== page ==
I love the freedom and simplicity of a single gear lever. I also run fixed and s/s and love the feel of having no choice.

    Freedom? How does the front mech shifter hinder your riding in any way? 1x is a fad, something for the manufacturers to shift because with a compact or a semi compact and an 11-32 or 12-32 Shimano Ultegra you’ve everything you’d ever need. Disc brakes I can see the advantages, ditto electronic or wireless shifting, 1x, sorry no.
  • cyclecliniccycleclinic Posts: 6,863
    I get 1x. If you rarely use the inner ring then you might as well get rid of it. some people like a limited choice of gearing. my 1x has a 12-21T cassette on currently. The bike I am assembling currently and should sell has a 53/42T rings and 13-18T 6 speed freewheel. The gearing is so perfect I might have to keep it, it also fits me perfectly and is a pretty.
    http://www.thecycleclinic.co.uk -wheel building and other stuff.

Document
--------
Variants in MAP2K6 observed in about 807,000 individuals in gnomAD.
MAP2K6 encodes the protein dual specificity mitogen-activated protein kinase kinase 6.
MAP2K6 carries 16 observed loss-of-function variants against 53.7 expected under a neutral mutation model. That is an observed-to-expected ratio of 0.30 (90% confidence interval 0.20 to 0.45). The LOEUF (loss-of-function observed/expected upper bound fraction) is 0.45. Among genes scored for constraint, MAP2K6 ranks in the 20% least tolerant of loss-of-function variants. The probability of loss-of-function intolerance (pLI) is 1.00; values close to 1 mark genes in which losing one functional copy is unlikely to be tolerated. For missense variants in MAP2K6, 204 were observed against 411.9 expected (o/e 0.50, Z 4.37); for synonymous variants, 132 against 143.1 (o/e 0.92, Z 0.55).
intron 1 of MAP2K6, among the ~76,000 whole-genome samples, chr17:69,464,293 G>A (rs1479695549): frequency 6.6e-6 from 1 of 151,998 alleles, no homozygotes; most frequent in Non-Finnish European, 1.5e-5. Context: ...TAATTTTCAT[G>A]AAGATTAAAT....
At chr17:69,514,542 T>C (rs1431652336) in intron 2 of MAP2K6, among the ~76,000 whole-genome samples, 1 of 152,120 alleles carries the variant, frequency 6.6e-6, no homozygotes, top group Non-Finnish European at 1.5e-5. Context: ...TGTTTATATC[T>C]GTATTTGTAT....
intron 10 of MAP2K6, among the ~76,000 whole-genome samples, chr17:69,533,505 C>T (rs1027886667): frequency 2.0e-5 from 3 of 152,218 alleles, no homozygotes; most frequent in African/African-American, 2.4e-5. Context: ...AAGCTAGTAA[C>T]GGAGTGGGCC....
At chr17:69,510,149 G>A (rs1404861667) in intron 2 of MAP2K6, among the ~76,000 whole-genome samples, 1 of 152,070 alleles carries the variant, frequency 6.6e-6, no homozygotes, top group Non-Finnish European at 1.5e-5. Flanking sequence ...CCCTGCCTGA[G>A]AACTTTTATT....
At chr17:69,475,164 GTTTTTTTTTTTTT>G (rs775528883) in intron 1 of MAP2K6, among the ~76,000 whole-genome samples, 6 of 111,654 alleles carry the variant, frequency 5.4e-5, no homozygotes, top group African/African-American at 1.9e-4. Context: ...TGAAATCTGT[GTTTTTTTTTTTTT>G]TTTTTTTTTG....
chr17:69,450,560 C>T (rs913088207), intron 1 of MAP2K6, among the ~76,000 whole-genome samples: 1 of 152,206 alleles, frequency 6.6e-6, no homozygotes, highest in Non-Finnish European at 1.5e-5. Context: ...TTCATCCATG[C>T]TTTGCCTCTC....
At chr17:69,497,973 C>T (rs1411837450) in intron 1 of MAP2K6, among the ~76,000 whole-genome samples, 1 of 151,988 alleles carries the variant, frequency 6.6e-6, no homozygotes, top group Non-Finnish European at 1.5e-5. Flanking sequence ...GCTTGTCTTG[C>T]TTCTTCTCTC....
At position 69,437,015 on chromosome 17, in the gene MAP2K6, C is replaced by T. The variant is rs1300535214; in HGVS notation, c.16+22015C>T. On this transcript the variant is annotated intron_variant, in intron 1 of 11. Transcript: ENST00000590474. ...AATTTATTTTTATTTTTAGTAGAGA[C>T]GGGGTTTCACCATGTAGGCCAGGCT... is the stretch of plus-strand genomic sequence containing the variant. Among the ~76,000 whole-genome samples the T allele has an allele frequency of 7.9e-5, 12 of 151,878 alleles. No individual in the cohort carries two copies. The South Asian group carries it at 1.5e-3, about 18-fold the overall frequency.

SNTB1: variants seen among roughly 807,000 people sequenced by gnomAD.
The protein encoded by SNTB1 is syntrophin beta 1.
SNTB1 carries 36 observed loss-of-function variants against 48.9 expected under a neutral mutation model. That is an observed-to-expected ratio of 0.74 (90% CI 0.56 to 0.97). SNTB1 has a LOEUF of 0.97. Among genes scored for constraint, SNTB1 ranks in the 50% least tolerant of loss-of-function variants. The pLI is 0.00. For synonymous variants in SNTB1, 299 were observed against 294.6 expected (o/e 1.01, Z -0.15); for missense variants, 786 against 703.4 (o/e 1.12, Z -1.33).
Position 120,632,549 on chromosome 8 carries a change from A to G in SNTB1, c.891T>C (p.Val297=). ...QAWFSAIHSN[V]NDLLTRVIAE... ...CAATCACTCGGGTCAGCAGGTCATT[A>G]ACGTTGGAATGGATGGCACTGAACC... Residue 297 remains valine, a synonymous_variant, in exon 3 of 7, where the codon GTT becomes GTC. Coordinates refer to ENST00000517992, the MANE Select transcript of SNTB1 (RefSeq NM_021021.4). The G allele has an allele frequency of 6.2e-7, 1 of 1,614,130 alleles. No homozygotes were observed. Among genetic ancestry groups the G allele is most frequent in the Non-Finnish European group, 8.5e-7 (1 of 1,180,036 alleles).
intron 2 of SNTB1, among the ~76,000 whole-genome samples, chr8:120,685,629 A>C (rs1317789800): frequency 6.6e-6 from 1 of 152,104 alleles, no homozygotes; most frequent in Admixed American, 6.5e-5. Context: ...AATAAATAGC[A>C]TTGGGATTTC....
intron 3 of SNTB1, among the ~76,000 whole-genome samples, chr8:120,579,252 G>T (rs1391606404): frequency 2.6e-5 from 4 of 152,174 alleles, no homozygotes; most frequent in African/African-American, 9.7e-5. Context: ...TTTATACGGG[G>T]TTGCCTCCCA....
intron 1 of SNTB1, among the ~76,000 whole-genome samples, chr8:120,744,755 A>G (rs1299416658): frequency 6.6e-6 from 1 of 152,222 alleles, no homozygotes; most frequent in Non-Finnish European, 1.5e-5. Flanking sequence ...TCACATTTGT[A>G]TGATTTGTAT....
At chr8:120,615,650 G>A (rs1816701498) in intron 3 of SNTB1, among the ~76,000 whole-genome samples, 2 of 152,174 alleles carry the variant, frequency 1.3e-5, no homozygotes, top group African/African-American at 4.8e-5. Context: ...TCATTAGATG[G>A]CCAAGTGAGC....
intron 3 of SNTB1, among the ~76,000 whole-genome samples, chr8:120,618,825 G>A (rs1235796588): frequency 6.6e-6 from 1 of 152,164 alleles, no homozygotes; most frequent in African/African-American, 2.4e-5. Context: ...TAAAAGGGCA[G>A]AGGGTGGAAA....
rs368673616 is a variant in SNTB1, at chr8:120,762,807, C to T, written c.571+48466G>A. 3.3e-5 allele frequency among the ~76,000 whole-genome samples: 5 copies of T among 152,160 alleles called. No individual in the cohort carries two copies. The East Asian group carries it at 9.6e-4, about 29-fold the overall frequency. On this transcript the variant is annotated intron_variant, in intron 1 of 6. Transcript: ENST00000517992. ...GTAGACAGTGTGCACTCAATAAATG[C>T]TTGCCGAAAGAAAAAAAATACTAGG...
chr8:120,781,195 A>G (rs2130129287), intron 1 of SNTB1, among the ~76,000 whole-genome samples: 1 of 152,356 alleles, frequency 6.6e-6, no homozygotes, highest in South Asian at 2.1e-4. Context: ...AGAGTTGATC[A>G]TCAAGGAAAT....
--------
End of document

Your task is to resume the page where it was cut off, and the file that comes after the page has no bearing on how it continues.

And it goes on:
• DebeliDebeli Posts: 637
    chippyk wrote:
    Debeli wrote:

    I love the freedom and simplicity of a single gear lever. I also run fixed and s/s and love the feel of having no choice.

    Freedom? How does the front mech shifter hinder your riding in any way? 1x is a fad, something for the manufacturers to shift because with a compact or a semi compact and an 11-32 or 12-32 Shimano Ultegra you’ve everything you’d ever need. Disc brakes I can see the advantages, ditto electronic or wireless shifting, 1x, sorry no.

    Freedom may be the wrong word, but it does describe the feeling. To those like me (mid-50s) the double chain ring is not what we started out with.